Home / Life

'Captivated by beauty of the moving horse'

By Zhang Xi | China Daily | Updated: 2011-07-27 08:16


Huang Zuping competed in show jumping at the 2008 Olympics. Provided to China Daily

The slow-motion image of a horse lunging forward, its legs kicking up dust, every sinew straining to give it power, at the start of a race, so thrilled Huang Zuping, then 35, that he decided to make horse riding a life-long pursuit.

"I was totally captivated by the beauty of the moving horse," Huang, now 47, says with a sparkle in his eye as if seeing the clip for the first time.

"In 2001, when Beijing won the bid to hold the 2008 Olympic Games, the idea of participating in the Olympics suddenly hit me," he says.

And that is exactly what he did, although he had only six years of non-professional riding under his belt.

The 2008 Games marked the first time that Chinese athletes had participated in the horse riding competition and Huang had the highest score in his team.

For the first 30 years of his life, Huang had little to do with the world of horseback riding. After graduating from Beijing University of Chemical Technology, the Beijing native became a government official, dealing with national economic planning.

In 1995, he left for an executive-level position in a State-owned company. It was only then that he first saddled up at a horse club in Beijing. The adventure seeker took to the sport instantly.

"I have tried some extreme sports, like car racing, but none matched the excitement of horseback riding," Huang says. He began to devote more time to learning about the sport and training with well-known riders.

After deciding to try out for the 2008 Olympics team, Huang chose Germany as his training base as it is the world's center for equestrian sports.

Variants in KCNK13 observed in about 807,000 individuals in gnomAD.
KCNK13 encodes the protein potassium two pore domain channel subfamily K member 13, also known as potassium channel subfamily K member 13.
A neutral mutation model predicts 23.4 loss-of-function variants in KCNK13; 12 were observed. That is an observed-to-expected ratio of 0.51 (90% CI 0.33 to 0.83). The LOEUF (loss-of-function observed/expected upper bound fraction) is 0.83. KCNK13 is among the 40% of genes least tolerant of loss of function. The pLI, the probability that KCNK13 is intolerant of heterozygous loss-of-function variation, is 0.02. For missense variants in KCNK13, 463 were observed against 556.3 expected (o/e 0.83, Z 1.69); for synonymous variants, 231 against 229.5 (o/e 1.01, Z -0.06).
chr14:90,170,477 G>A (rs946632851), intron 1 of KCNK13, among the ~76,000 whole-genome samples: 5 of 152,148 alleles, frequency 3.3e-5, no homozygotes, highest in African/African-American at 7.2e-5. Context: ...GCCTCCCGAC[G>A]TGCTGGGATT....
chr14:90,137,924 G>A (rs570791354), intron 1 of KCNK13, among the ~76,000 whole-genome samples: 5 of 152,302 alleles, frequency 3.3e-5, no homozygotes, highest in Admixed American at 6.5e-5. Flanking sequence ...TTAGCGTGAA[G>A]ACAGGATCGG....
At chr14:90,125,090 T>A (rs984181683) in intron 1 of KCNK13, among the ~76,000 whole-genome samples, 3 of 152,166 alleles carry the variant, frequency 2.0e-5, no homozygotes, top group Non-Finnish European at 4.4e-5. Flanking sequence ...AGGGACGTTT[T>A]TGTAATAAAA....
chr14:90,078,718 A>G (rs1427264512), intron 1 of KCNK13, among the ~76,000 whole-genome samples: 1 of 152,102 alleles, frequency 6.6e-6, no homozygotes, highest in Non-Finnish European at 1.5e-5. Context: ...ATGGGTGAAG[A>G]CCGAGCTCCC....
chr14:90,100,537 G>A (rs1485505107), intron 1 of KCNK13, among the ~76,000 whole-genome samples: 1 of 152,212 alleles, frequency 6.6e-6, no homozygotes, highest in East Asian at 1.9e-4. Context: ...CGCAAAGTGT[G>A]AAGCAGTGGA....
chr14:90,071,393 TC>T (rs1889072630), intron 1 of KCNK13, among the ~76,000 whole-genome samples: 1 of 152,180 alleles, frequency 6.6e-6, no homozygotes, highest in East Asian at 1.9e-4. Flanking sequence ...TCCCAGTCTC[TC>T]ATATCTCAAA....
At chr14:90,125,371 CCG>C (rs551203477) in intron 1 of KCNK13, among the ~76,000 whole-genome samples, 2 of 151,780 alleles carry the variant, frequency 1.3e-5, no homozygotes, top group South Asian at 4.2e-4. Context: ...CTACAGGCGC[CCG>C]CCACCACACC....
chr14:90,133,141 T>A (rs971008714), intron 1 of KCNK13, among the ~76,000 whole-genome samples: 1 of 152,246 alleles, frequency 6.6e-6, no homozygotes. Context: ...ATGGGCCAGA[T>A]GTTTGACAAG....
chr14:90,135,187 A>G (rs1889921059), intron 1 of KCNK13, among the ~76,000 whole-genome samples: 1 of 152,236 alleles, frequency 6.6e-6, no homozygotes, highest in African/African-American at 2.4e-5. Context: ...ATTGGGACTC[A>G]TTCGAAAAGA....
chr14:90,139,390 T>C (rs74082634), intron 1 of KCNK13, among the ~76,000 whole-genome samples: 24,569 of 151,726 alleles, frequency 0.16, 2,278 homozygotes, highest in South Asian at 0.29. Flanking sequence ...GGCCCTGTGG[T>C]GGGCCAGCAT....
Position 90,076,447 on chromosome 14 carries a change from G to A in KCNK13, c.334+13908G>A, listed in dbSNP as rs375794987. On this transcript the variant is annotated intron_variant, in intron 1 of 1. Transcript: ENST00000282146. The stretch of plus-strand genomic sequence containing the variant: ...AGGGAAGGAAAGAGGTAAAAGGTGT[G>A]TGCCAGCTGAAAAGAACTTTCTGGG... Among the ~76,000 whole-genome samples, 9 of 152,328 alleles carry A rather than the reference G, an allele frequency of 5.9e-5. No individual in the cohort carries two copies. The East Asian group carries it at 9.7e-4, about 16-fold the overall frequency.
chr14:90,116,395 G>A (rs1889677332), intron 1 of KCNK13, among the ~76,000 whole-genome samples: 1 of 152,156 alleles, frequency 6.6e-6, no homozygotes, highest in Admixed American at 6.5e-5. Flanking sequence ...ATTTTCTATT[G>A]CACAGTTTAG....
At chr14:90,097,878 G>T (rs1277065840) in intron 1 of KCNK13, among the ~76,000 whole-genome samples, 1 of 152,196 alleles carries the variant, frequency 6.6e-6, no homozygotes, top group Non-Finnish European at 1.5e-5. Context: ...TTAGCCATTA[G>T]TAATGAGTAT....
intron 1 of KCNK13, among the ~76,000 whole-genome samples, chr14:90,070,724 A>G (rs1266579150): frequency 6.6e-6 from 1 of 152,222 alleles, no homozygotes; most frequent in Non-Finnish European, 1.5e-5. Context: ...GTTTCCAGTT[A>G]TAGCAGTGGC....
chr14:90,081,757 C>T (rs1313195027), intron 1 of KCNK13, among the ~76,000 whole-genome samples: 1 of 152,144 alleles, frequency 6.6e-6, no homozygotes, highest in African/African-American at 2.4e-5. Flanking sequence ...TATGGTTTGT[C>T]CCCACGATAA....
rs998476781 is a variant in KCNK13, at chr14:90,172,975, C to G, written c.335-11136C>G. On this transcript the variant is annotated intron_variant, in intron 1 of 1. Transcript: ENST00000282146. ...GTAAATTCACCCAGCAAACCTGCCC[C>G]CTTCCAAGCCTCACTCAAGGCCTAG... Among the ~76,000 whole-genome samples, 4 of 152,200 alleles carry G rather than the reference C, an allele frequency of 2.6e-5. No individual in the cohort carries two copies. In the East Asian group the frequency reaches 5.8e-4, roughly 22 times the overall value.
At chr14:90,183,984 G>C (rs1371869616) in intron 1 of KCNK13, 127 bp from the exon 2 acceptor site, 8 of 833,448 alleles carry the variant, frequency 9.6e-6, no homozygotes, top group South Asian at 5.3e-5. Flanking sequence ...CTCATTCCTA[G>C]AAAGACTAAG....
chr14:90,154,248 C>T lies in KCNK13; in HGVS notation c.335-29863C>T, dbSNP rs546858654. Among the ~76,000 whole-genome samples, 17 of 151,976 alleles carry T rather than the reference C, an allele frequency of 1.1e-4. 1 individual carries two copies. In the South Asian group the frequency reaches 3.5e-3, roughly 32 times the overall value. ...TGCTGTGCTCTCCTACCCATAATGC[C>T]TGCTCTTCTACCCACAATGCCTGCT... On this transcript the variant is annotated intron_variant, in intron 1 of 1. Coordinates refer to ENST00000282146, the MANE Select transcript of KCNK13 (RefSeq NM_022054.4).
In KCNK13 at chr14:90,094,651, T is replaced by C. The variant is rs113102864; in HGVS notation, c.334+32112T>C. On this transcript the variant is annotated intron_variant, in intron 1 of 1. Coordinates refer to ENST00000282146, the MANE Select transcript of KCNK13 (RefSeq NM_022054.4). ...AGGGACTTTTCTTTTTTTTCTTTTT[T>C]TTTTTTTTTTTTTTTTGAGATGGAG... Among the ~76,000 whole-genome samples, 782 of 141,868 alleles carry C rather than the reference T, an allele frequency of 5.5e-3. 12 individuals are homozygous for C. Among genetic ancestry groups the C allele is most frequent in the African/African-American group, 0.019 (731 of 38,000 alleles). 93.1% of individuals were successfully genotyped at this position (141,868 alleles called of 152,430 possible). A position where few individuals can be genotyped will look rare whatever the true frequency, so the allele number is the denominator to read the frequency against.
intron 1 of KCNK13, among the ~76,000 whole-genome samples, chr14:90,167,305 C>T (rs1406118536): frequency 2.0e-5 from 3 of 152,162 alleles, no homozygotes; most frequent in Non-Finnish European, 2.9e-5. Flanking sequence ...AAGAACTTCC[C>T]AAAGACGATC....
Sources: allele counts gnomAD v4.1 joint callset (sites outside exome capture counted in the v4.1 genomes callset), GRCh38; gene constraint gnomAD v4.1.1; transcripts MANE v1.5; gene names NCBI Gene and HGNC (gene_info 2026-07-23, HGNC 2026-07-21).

According to the German Equestrian Association, there are 300,000 full-time professionals working in this industry in Germany, whose value is put at about 5 billion euro ($7.26 billion).

With the support of his wife and son, the determined Huang embarked on his journey to Germany on his own money in 2002.

His first stop was the largest stallion-raising facility in Germany, Stall Ramsbrock in Menslage. He did not think his skills would improve so quickly but soon needed to find a more advanced instructor. He was then introduced to four-time Olympic gold medalist Ludger Beerbaum, who owns a stable in Riesenbeck.

The world's top show jumper decided to take on Huang, who was the same age as him, as his student, after watching him perform and seeing his determination to qualify for the 2008 Olympics.

Huang's hard work and willpower won him the support of the German, who lent him his own horses to train on. After putting in 10 hours of training every day, Huang's skills improved dramatically and he qualified for a place on the team for the Olympics.

"I have always believed in the motto of the founder of Lenovo: 'When there is a 5 percent hope, there is a 100 percent reality'," Huang says. He and three other Chinese nationals competed in the Beijing Olympics, but none won any medals. The Germans took home four golds from the six competitions.